7 Reasons to Choose a Single-Source Protein Powder

7 Reasons to Choose a Single-Source Protein Powder

Protein powder blends are a new thing. It’s when you find multiple sources of protein in a product, from animal to plant-based. There are whey plus soy protein blends, rice protein plus pea protein blends, rice plus pea plus hemp protein blends—the combinations are limitless considering the increasing number of protein powders on the market. And while there are nutritional benefits to blended protein sources, there are quite a few reasons you may want to stick to a single-source plant protein powder, like Growing Naturals rice or pea proteins. Here are 7 reasons why:

1. Food Allergies and Intolerances

Allergies and intolerances are unique to each individual. You can be allergic or intolerant to one thing or twenty things. Proteins are what typically trigger food allergies, so having isolated (non-combined) sources of protein makes it easier to find something you could use rather than dealing with blends which may include something you couldn’t use. Although Growing Naturals proteins are considered allergen friendly (because they are devoid of all major allergens in addition to lactose, gluten and corn), on very rare occasion someone may be allergic to peas or rice, in which case they could still use the option they were not allergic to. FODMAPs are like the new gluten. Some people are actually intolerant to FODMAPs and may require a low-FODMAP diet although some moderate- or high-FODMAP foods may be tolerated in very small quantities. GN rice protein has been lab-tested to be low-FODMAP at any number of servings, whereas the pea protein is considered low-FODMAP at 2 servings maximum. If you were very sensitive to certain FODMAPs, you may feel more comfortable using the rice protein instead of pea protein.

2. Other Medical Reasons

Other medical reasons may warrant the use of one protein over another. For example, if you had chronic kidney disease (stage 1-3) you’d need dietary protein that was low in minerals such as sodium, potassium, and phosphorous. Generally, most dairy proteins are not favorable for kidney disease due to being high in those key minerals. New evidence indicates that plant proteins may be preferable for kidney disease because they have been shown to decrease protein content in the urine, slow the decline of glomerular filtration rate and result in less kidney tissue damage. Among plant proteins, rice protein alone makes the best fit as is it the lowest in those key minerals compared to pea protein.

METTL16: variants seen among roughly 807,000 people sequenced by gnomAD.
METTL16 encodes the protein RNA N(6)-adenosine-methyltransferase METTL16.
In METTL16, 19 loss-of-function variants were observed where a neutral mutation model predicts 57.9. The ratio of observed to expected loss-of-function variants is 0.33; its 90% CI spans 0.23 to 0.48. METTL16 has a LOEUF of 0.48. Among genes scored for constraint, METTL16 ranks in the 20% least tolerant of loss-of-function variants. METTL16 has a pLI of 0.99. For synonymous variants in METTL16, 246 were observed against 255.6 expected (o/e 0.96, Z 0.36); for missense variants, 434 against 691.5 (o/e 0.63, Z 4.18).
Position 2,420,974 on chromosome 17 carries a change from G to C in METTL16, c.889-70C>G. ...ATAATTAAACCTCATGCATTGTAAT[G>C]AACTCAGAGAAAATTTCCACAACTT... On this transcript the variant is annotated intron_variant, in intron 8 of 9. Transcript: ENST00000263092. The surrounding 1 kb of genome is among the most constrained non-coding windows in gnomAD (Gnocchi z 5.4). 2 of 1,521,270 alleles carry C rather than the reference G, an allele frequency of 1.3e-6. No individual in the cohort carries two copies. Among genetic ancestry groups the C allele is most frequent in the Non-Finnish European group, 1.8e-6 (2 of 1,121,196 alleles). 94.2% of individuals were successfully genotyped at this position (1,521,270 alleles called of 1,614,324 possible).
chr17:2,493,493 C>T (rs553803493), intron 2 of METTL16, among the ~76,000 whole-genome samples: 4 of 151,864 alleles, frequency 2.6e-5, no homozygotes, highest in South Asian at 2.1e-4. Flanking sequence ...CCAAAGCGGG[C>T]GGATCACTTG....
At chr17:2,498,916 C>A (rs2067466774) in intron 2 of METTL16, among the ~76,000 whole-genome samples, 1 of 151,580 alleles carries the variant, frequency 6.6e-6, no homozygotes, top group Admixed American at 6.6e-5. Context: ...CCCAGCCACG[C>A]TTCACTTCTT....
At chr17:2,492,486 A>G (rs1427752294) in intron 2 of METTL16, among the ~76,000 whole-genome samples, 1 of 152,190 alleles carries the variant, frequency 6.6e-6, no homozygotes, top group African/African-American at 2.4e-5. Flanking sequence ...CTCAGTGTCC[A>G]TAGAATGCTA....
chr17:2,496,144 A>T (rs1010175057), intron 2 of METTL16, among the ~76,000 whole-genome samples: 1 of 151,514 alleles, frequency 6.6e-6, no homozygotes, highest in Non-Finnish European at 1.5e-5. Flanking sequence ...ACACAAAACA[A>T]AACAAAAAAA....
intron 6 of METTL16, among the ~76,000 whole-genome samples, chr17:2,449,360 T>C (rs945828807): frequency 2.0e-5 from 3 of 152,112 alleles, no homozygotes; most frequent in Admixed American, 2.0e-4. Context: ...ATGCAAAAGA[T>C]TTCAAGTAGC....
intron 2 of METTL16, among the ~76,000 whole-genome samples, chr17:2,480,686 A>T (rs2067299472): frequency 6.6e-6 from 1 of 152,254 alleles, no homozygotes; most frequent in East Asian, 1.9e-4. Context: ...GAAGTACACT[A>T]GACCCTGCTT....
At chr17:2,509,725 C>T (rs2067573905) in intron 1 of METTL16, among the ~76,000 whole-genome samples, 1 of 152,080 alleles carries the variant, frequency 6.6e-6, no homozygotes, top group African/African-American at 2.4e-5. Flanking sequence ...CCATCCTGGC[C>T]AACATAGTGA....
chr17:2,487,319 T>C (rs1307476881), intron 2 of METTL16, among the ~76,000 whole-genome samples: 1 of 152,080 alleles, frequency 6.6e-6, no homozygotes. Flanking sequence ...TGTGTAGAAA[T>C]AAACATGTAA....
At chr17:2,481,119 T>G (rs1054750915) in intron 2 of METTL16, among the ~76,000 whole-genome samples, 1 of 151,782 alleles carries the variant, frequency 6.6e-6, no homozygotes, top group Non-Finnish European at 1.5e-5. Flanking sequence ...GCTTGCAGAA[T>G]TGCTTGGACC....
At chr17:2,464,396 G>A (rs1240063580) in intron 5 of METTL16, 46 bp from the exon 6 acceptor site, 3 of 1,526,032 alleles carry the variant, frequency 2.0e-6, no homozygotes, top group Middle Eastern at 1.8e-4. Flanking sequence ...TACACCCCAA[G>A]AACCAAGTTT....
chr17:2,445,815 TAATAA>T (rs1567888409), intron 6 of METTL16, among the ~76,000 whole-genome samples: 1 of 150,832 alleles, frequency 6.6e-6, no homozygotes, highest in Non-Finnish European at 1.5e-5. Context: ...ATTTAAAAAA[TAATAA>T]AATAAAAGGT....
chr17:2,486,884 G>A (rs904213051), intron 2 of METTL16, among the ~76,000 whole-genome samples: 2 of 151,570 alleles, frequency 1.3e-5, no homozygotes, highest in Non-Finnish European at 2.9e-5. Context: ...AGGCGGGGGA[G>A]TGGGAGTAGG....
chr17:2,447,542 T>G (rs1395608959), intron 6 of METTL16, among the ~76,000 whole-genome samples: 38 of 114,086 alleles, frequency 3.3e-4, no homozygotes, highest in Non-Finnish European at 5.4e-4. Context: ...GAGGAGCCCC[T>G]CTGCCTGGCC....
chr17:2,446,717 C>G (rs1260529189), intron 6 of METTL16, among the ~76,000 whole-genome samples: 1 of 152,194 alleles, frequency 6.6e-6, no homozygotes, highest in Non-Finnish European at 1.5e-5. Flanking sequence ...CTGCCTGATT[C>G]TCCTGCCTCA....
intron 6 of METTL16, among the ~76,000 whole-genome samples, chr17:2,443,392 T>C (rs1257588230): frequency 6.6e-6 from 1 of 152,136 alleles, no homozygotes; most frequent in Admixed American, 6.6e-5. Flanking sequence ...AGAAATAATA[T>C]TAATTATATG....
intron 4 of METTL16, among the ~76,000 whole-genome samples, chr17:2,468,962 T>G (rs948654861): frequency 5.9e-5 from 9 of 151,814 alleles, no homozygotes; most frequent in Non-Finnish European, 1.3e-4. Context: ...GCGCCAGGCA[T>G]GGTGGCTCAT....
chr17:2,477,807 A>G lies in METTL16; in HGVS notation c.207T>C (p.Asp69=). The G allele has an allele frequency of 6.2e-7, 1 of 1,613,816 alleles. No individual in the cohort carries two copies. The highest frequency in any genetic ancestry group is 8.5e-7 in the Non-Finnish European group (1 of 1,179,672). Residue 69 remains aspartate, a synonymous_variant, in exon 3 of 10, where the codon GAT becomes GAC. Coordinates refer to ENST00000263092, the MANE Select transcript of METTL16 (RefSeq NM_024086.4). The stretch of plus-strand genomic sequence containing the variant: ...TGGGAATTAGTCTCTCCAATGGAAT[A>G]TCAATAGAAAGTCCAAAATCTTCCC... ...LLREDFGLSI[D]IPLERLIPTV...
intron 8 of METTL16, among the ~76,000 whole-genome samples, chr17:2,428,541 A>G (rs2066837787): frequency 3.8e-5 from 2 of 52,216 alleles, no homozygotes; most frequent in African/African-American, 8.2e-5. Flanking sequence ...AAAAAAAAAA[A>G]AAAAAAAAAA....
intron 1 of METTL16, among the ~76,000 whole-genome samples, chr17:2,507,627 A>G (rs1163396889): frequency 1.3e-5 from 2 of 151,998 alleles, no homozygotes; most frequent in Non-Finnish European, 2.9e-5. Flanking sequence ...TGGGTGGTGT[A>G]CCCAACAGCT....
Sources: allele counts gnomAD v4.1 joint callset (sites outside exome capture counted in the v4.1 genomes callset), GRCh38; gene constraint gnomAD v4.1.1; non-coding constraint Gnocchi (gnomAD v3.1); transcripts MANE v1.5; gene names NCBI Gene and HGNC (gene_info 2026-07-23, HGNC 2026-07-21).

3. Dietary Preferences

Following a paleo diet? Depending on which version you were following, some call for grain-free foods. In this case, pea protein would be a viable option rather than rice protein (although it technically isn’t the whole grain anymore).

4. Control and Convenience

It’s easier to add things in than trying to take them out in a recipe.Starting with “clean” protein powders (single source, with few added ingredients), gives you the control and convenience of adding whatever you may need at any given time. If you’re making a post-workout smoothie then you may consider adding other protein sources and carbs for optimal recovery. For a breakfast smoothie you may want to add fresh fruit, chia seeds and a handful of green leaves for long-lasting sustenance. But if you just want a pure protein boost, perhaps protein powder + water fits the bill perfectly. Growing Naturals’ “Original” unflavored pea protein contains absolutely no additives and the “Original” unflavored rice protein contains 4 ingredients total, 3 of which make up less than 3% of the formula. These options offer the most flexibility especially when creating savory recipes.

5. Taste and Flavor

Without any added flavoring, each protein powder has a unique intrinsic taste of its own. And based on your personal preferences you may prefer the taste of pea protein over rice protein or vice versa. Pea protein has a soft pea taste (not to be confused with earthy), whereas the rice protein has a blander taste profile which is more easily masked with other ingredients like berries or bananas.

6. Mouthfeel

Much like having their own taste, each protein also has its own mouthfeel. Dairy proteins are known for being smooth on the mouth. Similarly, pea protein is smooth and almost creamy-feeling on the mouth. On the other hand, being grain-based, rice protein has a slightly gritty texture (which can be easily disguised by mixing creamy ingredients like bananas or avocados).

7. Protein Functions

Proteins have specific functions in food preparation (e.g. baking) based on their unique, three-dimensional, chemical structures (i.e. in terms of chemistry, the way the amino acid molecules are arranged). For example, egg proteins provide the function of leavening in cakes--this is what makes cakes nice and spongy. They also provide emulsification and thickening in custards and sauces (among many other things). Pea protein is the most functional compared to rice protein and can actually be used to replace eggs in many recipes. While rice protein can also be used in baking, it will not replace or function like eggs the way pea protein does.

By: Scarlett Full, in-house Registered Dietitian

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